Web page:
Small businesses commonly consider 5% per month to be a good churn rate. Meanwhile, larger companies aim for a much lower churn rate.
If there is a lot of competition present in a certain industry, this could lead to higher churn rate. This is due to many more options being easily available.
Churn Rate vs. Retention Rate
Churn Rate and retention rate are two metrics that businesses use to help them earn as well as retain customers.
Both of them are very useful in getting to know more about customer satisfaction in your business. They also help you learn more about how to maintain and improve it.
If you’re interested in building your customer base, learning about churn and retention rates can be extremely helpful.
You’ve already learnt about what churn rate is as well as how you can it, let’s take a brief look at retention rate now.
What is retention rate?
Customer rate refers to the extent to which a business keeps its existing customers. Basically, this number helps businesses ensure their marketing strategies and efforts to maintain customer satisfaction are effective.
A higher retention rate would also mean that your company can spend less time searching for new customers. Thus improving cost-effectiveness.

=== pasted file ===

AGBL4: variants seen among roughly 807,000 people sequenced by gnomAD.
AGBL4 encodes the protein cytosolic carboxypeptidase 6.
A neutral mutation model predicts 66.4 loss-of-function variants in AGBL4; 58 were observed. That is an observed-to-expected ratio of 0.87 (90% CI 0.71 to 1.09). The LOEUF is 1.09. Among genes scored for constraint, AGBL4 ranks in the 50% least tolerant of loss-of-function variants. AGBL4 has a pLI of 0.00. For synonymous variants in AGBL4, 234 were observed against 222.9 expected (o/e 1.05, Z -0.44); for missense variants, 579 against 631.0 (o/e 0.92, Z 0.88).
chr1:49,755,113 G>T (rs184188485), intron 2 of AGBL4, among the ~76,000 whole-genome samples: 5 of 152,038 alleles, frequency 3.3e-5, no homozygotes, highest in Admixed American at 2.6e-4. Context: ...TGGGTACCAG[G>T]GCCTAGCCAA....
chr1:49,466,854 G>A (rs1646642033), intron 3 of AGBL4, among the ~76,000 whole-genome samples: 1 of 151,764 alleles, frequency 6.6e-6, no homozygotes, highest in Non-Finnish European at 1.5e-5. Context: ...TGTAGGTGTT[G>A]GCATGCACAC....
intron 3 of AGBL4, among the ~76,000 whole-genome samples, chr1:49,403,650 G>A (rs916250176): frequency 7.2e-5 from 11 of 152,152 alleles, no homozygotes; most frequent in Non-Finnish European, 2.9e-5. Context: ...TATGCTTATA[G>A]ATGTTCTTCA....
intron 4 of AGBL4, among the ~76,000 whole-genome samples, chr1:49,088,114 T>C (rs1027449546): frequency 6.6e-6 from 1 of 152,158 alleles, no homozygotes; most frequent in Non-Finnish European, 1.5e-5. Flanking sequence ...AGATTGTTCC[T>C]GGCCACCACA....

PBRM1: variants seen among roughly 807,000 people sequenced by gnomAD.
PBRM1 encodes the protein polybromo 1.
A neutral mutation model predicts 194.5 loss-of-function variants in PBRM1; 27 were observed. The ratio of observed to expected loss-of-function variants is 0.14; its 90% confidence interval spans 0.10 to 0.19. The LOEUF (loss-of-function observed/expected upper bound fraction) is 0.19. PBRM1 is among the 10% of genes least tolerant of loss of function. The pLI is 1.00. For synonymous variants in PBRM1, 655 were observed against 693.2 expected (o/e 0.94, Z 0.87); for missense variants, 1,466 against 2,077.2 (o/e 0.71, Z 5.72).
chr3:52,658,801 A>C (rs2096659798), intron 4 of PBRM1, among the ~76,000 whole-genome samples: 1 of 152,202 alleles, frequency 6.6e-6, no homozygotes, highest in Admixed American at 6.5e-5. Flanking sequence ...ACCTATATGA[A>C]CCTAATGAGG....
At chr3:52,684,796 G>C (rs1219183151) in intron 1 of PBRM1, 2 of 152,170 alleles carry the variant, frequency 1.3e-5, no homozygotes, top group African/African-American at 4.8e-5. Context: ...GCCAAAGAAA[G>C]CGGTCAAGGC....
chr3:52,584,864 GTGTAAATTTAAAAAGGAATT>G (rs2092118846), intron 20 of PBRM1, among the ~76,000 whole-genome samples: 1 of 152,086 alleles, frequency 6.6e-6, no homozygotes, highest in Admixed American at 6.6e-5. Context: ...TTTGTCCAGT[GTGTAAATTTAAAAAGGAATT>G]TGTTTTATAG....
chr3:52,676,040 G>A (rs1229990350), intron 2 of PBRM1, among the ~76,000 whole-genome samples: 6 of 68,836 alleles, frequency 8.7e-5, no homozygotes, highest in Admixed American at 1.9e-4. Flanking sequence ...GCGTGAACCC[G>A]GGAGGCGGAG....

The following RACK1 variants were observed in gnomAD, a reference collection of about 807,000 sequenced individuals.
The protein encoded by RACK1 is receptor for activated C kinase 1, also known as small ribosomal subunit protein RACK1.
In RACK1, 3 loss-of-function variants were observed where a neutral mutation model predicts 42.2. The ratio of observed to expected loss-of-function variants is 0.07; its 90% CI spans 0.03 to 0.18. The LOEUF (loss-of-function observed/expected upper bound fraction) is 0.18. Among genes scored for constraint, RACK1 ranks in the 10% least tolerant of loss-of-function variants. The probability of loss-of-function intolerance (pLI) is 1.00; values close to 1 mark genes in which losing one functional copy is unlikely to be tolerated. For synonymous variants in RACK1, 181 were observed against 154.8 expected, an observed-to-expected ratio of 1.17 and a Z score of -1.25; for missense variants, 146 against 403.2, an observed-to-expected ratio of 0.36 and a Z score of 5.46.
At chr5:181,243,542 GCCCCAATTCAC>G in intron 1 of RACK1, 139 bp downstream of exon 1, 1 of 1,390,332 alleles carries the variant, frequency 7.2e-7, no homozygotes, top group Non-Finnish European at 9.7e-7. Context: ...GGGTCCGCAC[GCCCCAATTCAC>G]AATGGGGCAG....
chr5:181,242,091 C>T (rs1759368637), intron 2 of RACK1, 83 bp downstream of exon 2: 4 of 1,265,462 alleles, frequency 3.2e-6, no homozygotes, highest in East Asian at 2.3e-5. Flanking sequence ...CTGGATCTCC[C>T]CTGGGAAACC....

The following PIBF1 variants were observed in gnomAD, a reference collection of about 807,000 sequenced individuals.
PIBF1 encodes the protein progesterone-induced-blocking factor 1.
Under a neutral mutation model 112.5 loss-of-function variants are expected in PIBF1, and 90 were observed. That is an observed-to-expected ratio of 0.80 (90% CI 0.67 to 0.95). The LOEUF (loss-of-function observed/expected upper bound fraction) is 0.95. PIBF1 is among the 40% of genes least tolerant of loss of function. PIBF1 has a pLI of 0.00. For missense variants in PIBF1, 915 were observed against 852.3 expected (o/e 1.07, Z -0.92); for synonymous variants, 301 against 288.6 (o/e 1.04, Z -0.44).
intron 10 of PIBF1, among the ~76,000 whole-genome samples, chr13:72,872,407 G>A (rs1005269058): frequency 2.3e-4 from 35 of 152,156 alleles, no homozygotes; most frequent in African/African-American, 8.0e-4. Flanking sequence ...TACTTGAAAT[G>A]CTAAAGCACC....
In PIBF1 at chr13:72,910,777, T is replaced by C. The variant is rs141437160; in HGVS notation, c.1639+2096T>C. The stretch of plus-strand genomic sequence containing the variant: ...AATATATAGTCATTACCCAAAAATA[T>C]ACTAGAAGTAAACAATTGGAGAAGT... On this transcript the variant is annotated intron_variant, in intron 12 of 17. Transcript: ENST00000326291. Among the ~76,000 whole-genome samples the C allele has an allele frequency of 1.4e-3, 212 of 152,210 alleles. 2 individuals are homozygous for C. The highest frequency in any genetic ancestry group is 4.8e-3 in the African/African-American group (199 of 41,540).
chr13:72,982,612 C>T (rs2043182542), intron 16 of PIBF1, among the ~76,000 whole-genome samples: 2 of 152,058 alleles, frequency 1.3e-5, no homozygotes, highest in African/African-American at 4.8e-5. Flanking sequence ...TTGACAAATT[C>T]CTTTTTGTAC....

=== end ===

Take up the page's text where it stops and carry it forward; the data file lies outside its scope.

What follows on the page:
Furthermore, it can also lead to increased profits as customers are more likely to spend more on a service they trust.
How to calculate retention rate?
To calculate retention rate, you need three pieces of information. You should know how many customers you had at the beginning of a time period, how many there were at the end and exactly how many new customers signed up during the period.
Then, you have to first subtract the number of new customers from your total at the end of the period. Next, you will divide that number by how many customers you started with. Finally, multiply your answer by 100.
Customer Retention Rate = [(50,000–5,000) ÷ 45000] × 100 Customer Retention Rate =  × 100 Customer Retention Rate = 100% Thus, your retention rate for the year is 100%.